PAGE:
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Nov 20, 2005 09:50 PM

Herbs for weeks

  • g

Was reading a post where someone mentioned that they usually can't use up their cilantro before it goes bad. With a little extra effort I find that I can keep my cilantro for almost two weeks and sometimes a bit longer. Parsely keeps even longer. Basil keeps well also. Etc.... Start by unwrapping the bunch - untwist the tie and pick out any decaying leaves or brown leaves. Rinse the herbs and shake dry or spin dry if you're that type of person. Partially fill a glass with water....trim off some of the stems - a fresh cut will draw water better - and place the freshly trimmed herbs into the glass. For the longest life - pick off any leaves that will be submerged by the water - they'll decay. I then loosely cover the herbs with a plastic bag and refrigerate. At least a wek and going on two if you're lucky (or good)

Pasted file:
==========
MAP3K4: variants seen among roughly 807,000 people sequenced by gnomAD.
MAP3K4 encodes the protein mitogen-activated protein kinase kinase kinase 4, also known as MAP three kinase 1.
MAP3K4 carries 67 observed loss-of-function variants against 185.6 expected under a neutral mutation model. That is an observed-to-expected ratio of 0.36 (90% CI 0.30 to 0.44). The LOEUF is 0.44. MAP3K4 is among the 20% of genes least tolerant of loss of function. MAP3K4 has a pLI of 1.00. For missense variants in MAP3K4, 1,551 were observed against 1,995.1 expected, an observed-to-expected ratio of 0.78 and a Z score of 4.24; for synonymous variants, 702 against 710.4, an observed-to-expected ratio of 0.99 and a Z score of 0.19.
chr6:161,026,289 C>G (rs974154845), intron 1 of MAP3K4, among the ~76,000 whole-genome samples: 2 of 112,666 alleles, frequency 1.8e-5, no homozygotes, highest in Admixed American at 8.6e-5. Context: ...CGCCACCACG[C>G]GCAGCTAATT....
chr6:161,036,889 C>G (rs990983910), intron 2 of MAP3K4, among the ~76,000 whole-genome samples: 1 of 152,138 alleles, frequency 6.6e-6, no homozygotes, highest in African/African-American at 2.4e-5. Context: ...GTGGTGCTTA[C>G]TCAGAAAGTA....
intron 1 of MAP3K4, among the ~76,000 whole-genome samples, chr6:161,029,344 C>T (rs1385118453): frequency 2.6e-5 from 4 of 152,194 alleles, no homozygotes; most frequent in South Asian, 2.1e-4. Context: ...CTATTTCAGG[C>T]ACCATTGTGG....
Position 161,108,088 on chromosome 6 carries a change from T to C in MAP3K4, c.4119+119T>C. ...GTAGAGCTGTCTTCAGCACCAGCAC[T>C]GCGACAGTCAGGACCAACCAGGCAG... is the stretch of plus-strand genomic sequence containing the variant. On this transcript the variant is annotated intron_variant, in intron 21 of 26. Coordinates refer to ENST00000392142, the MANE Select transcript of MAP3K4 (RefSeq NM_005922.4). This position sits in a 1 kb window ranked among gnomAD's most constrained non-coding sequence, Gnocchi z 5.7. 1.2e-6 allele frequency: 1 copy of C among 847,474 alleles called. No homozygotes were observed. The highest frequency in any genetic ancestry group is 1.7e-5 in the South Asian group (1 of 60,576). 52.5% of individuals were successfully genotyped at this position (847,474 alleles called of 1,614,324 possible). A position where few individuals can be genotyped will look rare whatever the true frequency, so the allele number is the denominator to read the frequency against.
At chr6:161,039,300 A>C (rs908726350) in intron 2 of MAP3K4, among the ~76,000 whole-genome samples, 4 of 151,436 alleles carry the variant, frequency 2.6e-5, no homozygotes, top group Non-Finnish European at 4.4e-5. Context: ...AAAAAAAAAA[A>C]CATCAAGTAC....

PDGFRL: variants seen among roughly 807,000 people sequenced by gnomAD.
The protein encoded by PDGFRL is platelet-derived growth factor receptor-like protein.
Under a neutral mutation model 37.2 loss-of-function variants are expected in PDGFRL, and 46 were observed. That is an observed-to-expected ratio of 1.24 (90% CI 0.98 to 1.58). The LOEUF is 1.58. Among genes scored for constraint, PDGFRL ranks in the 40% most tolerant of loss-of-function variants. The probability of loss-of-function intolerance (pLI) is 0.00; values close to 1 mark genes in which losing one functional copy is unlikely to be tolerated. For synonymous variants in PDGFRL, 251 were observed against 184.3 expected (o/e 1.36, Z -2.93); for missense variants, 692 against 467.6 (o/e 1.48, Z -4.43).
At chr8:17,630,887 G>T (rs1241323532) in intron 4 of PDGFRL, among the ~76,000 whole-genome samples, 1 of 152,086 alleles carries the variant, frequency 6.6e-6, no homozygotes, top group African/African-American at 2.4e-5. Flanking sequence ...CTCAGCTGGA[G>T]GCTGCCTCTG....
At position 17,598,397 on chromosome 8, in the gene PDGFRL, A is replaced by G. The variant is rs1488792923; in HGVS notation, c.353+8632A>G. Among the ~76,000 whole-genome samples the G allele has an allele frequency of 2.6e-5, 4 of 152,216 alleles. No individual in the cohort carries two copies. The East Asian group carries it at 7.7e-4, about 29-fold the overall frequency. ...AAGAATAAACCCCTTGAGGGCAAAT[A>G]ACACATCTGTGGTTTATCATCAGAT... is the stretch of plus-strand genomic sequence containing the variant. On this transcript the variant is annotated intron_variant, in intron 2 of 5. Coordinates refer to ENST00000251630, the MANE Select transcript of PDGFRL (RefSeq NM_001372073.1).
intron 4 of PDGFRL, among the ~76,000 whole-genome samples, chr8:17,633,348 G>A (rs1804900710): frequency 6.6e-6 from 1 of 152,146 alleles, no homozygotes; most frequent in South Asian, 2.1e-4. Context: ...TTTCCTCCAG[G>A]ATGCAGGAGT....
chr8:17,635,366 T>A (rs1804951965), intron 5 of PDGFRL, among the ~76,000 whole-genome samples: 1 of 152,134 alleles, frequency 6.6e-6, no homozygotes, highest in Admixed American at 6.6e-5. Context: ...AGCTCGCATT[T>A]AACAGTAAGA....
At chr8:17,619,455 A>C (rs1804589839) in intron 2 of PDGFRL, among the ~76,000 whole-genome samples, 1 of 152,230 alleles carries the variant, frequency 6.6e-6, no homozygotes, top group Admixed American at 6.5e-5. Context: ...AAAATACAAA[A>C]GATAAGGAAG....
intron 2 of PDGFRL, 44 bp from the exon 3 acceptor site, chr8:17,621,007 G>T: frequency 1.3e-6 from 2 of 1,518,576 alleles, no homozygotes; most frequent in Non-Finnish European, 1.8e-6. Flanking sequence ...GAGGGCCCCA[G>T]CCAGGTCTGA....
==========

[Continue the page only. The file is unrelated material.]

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  1. i do exactly the same, and find my cilantro lasts up to 2 weeks, like you say. however, i do find that its flavor seems to fade after 4 or 5 days.

    1. That is a great idea.

      I usually store my herds between paper towels in a baggie and that seems to work for me.

      I'll try your method next time. Thanks!

      1. The glass of water works in keeping celery nice and crispy, too.

        2 Replies
        1. re: macca

          when do this method for celery - do u cut the base with a knife and put the stalks in the cub of water? or do u just "peel" the celery stalks indiviually and then put in water?
          or perhaps u just stick the intact bundle as a whole in the water?
          sorry if this is quite ignorant sounding...

          1. re: macca

            It works for asparagus and broccoli too. They tend to "grow" a little, and the texture does slowly deteriorate - but they don't get shriveled. A bit of sugar and a very tiny bit of salt in the water seems to help.

          2. Excellent method! I use an herb keeper, which is a plastic tube with a rubber lid that you fill with an inch or so of water. My herbs last two weeks in it, too.

            Sounds like your method works on exactly the same principle, without having to invest in kitchen gadgetry. Bravo.